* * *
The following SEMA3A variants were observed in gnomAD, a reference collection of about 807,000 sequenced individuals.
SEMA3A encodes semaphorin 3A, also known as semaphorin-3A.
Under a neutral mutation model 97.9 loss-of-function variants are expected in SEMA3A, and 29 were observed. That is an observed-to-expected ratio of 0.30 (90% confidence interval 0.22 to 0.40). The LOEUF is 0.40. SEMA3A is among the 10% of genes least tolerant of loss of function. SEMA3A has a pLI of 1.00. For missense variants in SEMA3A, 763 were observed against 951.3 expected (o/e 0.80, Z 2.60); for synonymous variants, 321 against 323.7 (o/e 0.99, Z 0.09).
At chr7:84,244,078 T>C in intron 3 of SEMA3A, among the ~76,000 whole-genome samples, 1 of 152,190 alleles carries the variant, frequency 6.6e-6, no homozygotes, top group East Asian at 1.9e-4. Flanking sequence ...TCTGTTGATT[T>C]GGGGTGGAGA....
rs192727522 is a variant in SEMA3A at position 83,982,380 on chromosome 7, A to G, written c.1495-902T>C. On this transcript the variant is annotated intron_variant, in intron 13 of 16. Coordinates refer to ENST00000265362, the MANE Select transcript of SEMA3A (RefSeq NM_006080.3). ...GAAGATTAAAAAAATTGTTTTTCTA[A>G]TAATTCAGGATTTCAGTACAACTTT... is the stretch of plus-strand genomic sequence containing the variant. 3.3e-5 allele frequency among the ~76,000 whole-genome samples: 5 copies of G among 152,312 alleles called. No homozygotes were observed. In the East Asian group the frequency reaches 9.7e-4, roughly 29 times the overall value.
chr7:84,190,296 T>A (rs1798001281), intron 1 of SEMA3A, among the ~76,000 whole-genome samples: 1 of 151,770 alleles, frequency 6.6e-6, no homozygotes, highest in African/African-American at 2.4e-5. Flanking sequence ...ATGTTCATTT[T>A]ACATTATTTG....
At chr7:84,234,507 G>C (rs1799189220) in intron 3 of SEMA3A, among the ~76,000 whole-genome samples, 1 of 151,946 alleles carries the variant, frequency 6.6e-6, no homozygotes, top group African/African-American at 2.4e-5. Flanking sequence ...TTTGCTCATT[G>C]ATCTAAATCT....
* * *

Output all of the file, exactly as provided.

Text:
The following SEMA3A variants were observed in gnomAD, a reference collection of about 807,000 sequenced individuals.
SEMA3A encodes semaphorin 3A, also known as semaphorin-3A.
Under a neutral mutation model 97.9 loss-of-function variants are expected in SEMA3A, and 29 were observed. That is an observed-to-expected ratio of 0.30 (90% confidence interval 0.22 to 0.40). The LOEUF is 0.40. SEMA3A is among the 10% of genes least tolerant of loss of function. SEMA3A has a pLI of 1.00. For missense variants in SEMA3A, 763 were observed against 951.3 expected (o/e 0.80, Z 2.60); for synonymous variants, 321 against 323.7 (o/e 0.99, Z 0.09).
At chr7:84,244,078 T>C in intron 3 of SEMA3A, among the ~76,000 whole-genome samples, 1 of 152,190 alleles carries the variant, frequency 6.6e-6, no homozygotes, top group East Asian at 1.9e-4. Flanking sequence ...TCTGTTGATT[T>C]GGGGTGGAGA....
rs192727522 is a variant in SEMA3A at position 83,982,380 on chromosome 7, A to G, written c.1495-902T>C. On this transcript the variant is annotated intron_variant, in intron 13 of 16. Coordinates refer to ENST00000265362, the MANE Select transcript of SEMA3A (RefSeq NM_006080.3). ...GAAGATTAAAAAAATTGTTTTTCTA[A>G]TAATTCAGGATTTCAGTACAACTTT... is the stretch of plus-strand genomic sequence containing the variant. 3.3e-5 allele frequency among the ~76,000 whole-genome samples: 5 copies of G among 152,312 alleles called. No homozygotes were observed. In the East Asian group the frequency reaches 9.7e-4, roughly 29 times the overall value.
chr7:84,190,296 T>A (rs1798001281), intron 1 of SEMA3A, among the ~76,000 whole-genome samples: 1 of 151,770 alleles, frequency 6.6e-6, no homozygotes, highest in African/African-American at 2.4e-5. Flanking sequence ...ATGTTCATTT[T>A]ACATTATTTG....
At chr7:84,234,507 G>C (rs1799189220) in intron 3 of SEMA3A, among the ~76,000 whole-genome samples, 1 of 151,946 alleles carries the variant, frequency 6.6e-6, no homozygotes, top group African/African-American at 2.4e-5. Flanking sequence ...TTTGCTCATT[G>C]ATCTAAATCT....